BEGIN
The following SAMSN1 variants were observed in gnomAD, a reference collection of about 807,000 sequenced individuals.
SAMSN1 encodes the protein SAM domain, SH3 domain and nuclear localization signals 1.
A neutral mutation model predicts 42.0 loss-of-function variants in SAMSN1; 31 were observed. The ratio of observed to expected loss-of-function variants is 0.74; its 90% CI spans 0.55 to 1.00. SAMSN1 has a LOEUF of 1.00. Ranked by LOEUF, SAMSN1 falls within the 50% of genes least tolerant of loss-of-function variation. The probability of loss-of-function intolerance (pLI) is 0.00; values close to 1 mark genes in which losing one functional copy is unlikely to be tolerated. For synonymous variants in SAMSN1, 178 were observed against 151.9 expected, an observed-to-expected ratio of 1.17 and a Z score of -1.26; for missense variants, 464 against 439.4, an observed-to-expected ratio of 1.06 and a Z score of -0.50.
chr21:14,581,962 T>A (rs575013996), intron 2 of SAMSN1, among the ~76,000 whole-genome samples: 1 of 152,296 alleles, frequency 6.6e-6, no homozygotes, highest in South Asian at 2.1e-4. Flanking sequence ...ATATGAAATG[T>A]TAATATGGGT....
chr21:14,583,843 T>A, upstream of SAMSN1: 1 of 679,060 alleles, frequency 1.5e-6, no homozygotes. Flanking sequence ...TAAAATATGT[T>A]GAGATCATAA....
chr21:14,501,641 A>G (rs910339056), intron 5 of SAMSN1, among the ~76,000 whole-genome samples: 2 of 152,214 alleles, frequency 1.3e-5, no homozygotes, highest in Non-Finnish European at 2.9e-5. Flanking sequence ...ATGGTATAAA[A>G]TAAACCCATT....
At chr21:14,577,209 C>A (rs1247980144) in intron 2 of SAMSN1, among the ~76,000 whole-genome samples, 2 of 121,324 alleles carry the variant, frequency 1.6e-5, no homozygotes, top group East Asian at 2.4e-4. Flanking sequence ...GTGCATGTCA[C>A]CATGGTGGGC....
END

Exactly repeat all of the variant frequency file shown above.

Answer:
The following SAMSN1 variants were observed in gnomAD, a reference collection of about 807,000 sequenced individuals.
SAMSN1 encodes the protein SAM domain, SH3 domain and nuclear localization signals 1.
A neutral mutation model predicts 42.0 loss-of-function variants in SAMSN1; 31 were observed. The ratio of observed to expected loss-of-function variants is 0.74; its 90% CI spans 0.55 to 1.00. SAMSN1 has a LOEUF of 1.00. Ranked by LOEUF, SAMSN1 falls within the 50% of genes least tolerant of loss-of-function variation. The probability of loss-of-function intolerance (pLI) is 0.00; values close to 1 mark genes in which losing one functional copy is unlikely to be tolerated. For synonymous variants in SAMSN1, 178 were observed against 151.9 expected, an observed-to-expected ratio of 1.17 and a Z score of -1.26; for missense variants, 464 against 439.4, an observed-to-expected ratio of 1.06 and a Z score of -0.50.
chr21:14,581,962 T>A (rs575013996), intron 2 of SAMSN1, among the ~76,000 whole-genome samples: 1 of 152,296 alleles, frequency 6.6e-6, no homozygotes, highest in South Asian at 2.1e-4. Flanking sequence ...ATATGAAATG[T>A]TAATATGGGT....
chr21:14,583,843 T>A, upstream of SAMSN1: 1 of 679,060 alleles, frequency 1.5e-6, no homozygotes. Flanking sequence ...TAAAATATGT[T>A]GAGATCATAA....
chr21:14,501,641 A>G (rs910339056), intron 5 of SAMSN1, among the ~76,000 whole-genome samples: 2 of 152,214 alleles, frequency 1.3e-5, no homozygotes, highest in Non-Finnish European at 2.9e-5. Flanking sequence ...ATGGTATAAA[A>G]TAAACCCATT....
At chr21:14,577,209 C>A (rs1247980144) in intron 2 of SAMSN1, among the ~76,000 whole-genome samples, 2 of 121,324 alleles carry the variant, frequency 1.6e-5, no homozygotes, top group East Asian at 2.4e-4. Flanking sequence ...GTGCATGTCA[C>A]CATGGTGGGC....